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Engineering firm to analyze Blue Cypress Lake problem


The Indian River County Commission has hired an engineering firm to analyze Blue Cypress Lake’s deteriorating water quality.

Long regarded as one of Indian River County’s crown jewels, the once-pristine lake – located about 20 miles west of Vero and surrounded by 29,000 acres of marshes, swamps and cypress forests – had until recently seemed protected by its remoteness. 

But earlier this summer, the lake erupted with a toxic algae bloom, joining the Indian River Lagoon and Lake Okeechobee further south on the sick list.

While the dark blue waters of the lake still appear pristine from the air, a closer look in some areas reveals green pieces of algae floating beneath the surface.

Jones Edmunds and Associates, with offices in Gainesville, Titusville and Tampa, was hired to perform the pollution analysis for $63,500, with a mandate to report its conclusions and recommendations by the end of the year.

Much of the company’s work will involve coordinating with the Florida Department of Environmental Protection and St. Johns River Water Management District. Both agencies are still discussing testing protocols for determining the source of pollution.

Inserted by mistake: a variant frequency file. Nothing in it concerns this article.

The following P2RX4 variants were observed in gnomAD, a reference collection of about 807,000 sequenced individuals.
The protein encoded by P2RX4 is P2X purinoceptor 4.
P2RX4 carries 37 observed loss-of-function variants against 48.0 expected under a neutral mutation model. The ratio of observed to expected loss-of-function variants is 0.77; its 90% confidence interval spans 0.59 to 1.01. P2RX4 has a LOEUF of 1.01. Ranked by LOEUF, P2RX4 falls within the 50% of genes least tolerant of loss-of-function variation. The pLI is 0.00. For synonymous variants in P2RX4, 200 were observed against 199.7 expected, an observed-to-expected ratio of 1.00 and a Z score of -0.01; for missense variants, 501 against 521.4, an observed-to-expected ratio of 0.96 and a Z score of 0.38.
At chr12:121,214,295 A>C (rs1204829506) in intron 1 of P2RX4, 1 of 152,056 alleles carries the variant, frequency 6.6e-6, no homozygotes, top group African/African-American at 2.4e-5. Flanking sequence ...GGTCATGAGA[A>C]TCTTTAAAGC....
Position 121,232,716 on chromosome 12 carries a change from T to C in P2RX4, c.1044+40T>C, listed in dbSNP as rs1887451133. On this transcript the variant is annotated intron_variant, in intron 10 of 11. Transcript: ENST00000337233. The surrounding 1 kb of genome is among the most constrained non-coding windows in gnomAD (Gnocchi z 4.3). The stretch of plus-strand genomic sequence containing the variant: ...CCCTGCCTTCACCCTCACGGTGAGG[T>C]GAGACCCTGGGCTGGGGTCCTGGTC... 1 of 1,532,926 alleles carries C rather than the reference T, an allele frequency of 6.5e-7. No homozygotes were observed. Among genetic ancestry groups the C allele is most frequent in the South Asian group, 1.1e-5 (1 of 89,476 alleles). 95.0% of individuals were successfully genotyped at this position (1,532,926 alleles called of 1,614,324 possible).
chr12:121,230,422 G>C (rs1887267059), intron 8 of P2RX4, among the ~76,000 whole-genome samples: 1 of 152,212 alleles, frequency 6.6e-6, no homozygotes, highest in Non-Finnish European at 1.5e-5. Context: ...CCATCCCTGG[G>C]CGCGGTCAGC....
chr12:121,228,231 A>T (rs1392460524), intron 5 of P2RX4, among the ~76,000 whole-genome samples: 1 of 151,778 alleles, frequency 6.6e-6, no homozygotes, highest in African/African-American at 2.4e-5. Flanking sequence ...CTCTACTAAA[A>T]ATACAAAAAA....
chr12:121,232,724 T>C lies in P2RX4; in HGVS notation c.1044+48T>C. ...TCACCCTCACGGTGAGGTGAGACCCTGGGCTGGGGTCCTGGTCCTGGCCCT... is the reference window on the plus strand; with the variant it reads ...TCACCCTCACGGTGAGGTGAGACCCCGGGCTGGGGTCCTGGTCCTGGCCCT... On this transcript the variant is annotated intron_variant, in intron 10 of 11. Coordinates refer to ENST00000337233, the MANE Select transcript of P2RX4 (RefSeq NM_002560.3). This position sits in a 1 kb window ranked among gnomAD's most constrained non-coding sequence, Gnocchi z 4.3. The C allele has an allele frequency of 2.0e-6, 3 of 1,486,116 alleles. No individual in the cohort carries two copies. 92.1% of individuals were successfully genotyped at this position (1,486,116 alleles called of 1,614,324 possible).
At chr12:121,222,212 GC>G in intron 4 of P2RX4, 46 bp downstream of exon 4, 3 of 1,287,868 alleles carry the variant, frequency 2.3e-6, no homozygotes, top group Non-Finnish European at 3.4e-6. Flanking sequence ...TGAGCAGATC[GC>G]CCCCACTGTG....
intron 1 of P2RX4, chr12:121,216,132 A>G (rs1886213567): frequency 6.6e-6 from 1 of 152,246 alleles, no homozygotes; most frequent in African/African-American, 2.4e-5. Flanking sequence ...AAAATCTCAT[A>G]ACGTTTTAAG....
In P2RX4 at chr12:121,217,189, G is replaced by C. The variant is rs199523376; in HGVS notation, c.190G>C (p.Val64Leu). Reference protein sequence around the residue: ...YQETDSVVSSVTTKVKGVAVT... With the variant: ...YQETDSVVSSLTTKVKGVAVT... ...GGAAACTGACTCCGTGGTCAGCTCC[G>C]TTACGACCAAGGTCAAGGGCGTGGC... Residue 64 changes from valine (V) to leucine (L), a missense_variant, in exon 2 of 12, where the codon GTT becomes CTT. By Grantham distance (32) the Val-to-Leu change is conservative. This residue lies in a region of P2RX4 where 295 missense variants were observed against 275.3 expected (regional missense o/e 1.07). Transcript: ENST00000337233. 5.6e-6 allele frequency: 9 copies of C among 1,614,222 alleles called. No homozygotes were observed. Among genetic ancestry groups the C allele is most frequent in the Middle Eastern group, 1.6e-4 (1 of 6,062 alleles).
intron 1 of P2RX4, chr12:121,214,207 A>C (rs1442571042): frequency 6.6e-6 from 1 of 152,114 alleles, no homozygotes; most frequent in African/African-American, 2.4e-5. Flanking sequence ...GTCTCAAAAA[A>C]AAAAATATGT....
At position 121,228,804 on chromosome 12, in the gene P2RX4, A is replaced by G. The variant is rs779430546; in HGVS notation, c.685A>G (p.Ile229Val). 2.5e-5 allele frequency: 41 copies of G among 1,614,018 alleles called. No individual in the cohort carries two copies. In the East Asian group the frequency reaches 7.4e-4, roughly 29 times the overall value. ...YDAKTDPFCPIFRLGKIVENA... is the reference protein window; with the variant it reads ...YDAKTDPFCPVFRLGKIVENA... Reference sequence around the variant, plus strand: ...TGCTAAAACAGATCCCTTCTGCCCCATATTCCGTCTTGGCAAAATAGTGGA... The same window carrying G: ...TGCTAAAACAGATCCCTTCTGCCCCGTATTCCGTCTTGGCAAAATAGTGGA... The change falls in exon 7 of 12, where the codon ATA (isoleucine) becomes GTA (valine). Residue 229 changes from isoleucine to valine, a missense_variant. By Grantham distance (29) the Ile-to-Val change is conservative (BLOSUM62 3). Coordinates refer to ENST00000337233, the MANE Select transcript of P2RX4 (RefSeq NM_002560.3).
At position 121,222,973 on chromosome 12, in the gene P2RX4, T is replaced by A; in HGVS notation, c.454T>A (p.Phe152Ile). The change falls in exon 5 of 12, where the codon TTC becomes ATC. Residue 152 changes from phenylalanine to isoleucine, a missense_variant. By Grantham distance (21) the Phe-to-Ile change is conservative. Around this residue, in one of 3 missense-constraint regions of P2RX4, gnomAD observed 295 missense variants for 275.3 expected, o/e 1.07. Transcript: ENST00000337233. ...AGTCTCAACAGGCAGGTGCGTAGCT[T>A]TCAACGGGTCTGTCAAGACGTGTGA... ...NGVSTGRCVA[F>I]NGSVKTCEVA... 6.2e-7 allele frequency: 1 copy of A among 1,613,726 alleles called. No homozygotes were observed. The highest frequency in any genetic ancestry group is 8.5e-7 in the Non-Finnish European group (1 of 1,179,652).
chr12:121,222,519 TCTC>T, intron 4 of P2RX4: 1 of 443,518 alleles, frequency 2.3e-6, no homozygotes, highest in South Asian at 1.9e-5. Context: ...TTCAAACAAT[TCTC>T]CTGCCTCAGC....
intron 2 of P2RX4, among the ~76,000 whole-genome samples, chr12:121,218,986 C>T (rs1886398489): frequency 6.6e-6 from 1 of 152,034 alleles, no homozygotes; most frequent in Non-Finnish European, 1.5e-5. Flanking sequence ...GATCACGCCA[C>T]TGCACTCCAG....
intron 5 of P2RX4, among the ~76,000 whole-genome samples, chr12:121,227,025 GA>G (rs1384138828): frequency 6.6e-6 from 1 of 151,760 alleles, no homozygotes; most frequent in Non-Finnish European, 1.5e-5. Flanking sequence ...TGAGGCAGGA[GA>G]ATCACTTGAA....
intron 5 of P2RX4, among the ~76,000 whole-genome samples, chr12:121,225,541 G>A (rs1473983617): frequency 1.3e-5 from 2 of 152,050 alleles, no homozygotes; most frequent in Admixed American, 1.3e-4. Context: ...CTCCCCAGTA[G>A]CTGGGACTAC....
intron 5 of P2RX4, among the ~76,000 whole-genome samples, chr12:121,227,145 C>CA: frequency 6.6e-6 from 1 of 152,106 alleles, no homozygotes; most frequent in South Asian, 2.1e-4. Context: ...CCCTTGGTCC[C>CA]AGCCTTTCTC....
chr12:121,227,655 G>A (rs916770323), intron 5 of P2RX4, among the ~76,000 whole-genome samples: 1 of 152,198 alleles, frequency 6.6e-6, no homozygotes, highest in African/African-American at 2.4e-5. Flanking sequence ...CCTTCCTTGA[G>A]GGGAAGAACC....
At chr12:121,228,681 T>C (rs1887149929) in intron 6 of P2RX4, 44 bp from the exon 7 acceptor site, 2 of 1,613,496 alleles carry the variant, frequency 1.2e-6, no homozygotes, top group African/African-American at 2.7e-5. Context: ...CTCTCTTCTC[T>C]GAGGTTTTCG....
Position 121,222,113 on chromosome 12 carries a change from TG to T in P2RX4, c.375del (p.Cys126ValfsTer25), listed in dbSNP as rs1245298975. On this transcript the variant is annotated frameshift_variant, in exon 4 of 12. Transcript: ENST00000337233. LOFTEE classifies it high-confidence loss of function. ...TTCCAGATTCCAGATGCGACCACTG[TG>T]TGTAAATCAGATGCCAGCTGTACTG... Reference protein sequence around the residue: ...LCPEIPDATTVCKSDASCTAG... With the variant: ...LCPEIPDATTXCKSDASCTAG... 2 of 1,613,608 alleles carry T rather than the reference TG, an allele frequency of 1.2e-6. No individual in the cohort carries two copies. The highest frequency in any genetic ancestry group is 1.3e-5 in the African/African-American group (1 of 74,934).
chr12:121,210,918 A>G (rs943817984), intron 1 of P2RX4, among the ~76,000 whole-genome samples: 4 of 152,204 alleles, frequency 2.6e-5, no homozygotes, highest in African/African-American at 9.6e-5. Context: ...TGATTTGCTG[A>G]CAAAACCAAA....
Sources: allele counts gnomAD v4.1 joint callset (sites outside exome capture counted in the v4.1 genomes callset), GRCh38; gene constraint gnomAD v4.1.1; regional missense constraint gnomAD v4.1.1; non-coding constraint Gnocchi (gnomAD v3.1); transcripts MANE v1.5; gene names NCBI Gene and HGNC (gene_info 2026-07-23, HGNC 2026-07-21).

Indian River County Utilities Director Vincent Burke said FDEP and SJRWMD are taking a “holistic” approach, not just considering the recent increase in treated human waste applied on farms near the lake, but also whether “legacy load” chemicals from fertilizer are migrating from Osceola County and polluting the 6,555-acre lake.

The water quality started deteriorating five or six years ago, Burke said, which pre-dates increased application of biosolids – a polite name for the output of sewage plants – on nearby farms.

Chemicals such as nitrogen and phosphorous that can come from either fertilizer or human waste have begun to feed algae blooms in the lake, some toxic, that cloud the water and consume oxygen, undermining the aquatic environment.

Acetaminophen, hydrocodone and sucralose are being considered by FDEP and SJRWMD as human waste markers that could tell scientists and policymakers if the pollution is coming from biosolids, Burke said.

Sucralose, which is found in human waste, doesn’t break down readily, and should provide a traceable path of biosolid runoff into the lake, if that occurred. No biosolids have been applied near the lake since May.

Jones Edmunds has been tasked with finding the cause of lake pollution by the end of the year, when it will give a presentation to the county commission and public.

The reporting deadline was set to beat the end of a six-month moratorium on human waste application, which was passed by the county in July and expires in January.

The county must have evidence that biosolids are polluting the lake before extending its ban on their use as fertilizer or face accusations of interrupting farming operations, which are protected under the state farming act.

The thousands of tons of biosolids dumped on Indian River County farm fields are coming from South Florida governmental entities that pay farmers to take them. Indian River County doesn’t sell its own biosolids, but rather disposes them in the county landfill. 

The increase in biosolids application here began after the use of the material was banned in watersheds to the south for ecological reasons.